Baltimore Affair - Chile - 16 Oct 1891 - Feb 1892
In the year l89l, the people of Chile, a revolutionary- ridden republic, were again in a state of open insurrection against the faction then supposed to be controlling the government. Conditions were in a deplorable state, due to the capture in August, of Valparaiso by the forces of the Congressional party. Foreigners residing within the boundaries of the republic, especially those living in the captured city, were in great danger of losing their lives and property. Even foreign legations and consulates were in danger of being violated. During the course of this revolution, a bitter feeling against the United States arose, due, it is believed, to the false and malicious accusations put forth at Iquique and later at Valparaiso in reference to the action of the Navy of the United States. The American Minister, Patrick Egan, concurred in the belief that foreign armed forces were necessary, not only for the morale effect on the insurrectionists, but as a means of protection for Americans and American interests.
In the latter part of March 1891, Rear Admiral George Brown had been ordered to Chilean waters as the relief of Rear Admiral William F. McCann, and was issued definite and detailed instructions for his guidance in view of the un settled state of affairs in the latter country. Admiral Brown proceeded in the San Francisco, and in company with the Baltimore, was present at Valparaiso when that city was captured by the revolutionists.
The American Minister applied to Admiral Brown for a suitable guard for the Legation, and his request was granted. A detachment of 36 Marines and 36 sailors, under the command of Captain William S. Muse, USMC, was landed on the 28th of August and remained until the 30th, when they were withdrawn.
About six weeks after the withdrawal of the Marine Guard from the American Consulate, an affair took place which assumed grave aspects - one which merited the landing of Marines to again protect American citizens, and indicated in no unmistakable terms the extreme ill-iecling that the Chileans harbored toward the Americans. The affair referred to, was the attack on October l6th, in the City of Valparaiso, on members of a liberty party of the Baltimore. However, Admiral Brown, because of this extreme ill-feeling, and believing that the matter could be more appropriately handled through diplomatic representation by the United States Department of State, deemed it inadvisable to use the Marine landing force at his disposal.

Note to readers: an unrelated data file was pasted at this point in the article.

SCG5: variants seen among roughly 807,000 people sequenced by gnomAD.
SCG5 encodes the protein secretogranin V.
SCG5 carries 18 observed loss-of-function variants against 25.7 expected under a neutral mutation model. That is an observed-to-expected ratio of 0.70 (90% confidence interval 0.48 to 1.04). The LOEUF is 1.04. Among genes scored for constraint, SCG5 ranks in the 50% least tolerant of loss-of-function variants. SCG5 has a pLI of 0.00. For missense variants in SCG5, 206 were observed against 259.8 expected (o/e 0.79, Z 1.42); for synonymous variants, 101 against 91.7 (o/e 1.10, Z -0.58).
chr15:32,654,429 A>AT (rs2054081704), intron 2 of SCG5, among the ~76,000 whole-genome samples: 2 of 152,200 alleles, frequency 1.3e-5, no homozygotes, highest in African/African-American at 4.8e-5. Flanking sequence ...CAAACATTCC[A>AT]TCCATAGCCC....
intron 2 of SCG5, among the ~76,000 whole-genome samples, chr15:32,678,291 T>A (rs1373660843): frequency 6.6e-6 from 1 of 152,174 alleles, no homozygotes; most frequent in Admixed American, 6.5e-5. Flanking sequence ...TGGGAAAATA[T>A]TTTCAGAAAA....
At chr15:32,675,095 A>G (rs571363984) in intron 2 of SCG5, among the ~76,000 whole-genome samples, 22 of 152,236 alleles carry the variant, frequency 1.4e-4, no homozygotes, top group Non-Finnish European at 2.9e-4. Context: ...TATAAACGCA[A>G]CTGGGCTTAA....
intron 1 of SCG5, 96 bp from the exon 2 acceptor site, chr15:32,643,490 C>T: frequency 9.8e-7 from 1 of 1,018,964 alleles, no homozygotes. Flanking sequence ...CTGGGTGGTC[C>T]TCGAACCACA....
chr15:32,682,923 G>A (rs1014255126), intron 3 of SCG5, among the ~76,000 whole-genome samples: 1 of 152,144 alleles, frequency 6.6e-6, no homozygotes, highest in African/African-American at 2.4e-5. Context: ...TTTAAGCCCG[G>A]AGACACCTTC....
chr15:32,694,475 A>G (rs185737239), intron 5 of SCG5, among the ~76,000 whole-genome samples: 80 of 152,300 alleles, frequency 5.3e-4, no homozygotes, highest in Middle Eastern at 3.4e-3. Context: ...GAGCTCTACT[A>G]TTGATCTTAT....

On this date a number of men belonging to the Baltimore, went on shore in uniform for liberty, in accordance with the universal practice prevailing on board the ships of war in foreign ports. Two weeks had passed since the surrender of Valparaiso, and the city was quiet. Other foreign war ships had already given liberty, and no reason existed for withholding a like privilege from the men of the Baltimore. At 6 p.m. the men had been ashore about four hours, and the testimony is that they were then orderly, sober, and well behaved. The first encounter appears to have taken place at this time between one of the members of the liberty party and a Chilean, who spat in his face. The sailor knocked the Chilean down and was immediately set upon, with his companion, another of the Baltimore's crew, by an angry crowd. The two sailors took refuge in a passing street car. They were dragged from the car by the crowd. One of them, Petty Officer Charles Riggin, was stabbed, and left to die in the street. His companion, Talbot, an apprentice, escaped, but was afterwards arrested, catgut nippers were put on his wrists, and he was struck again and again by the police on his way to prison.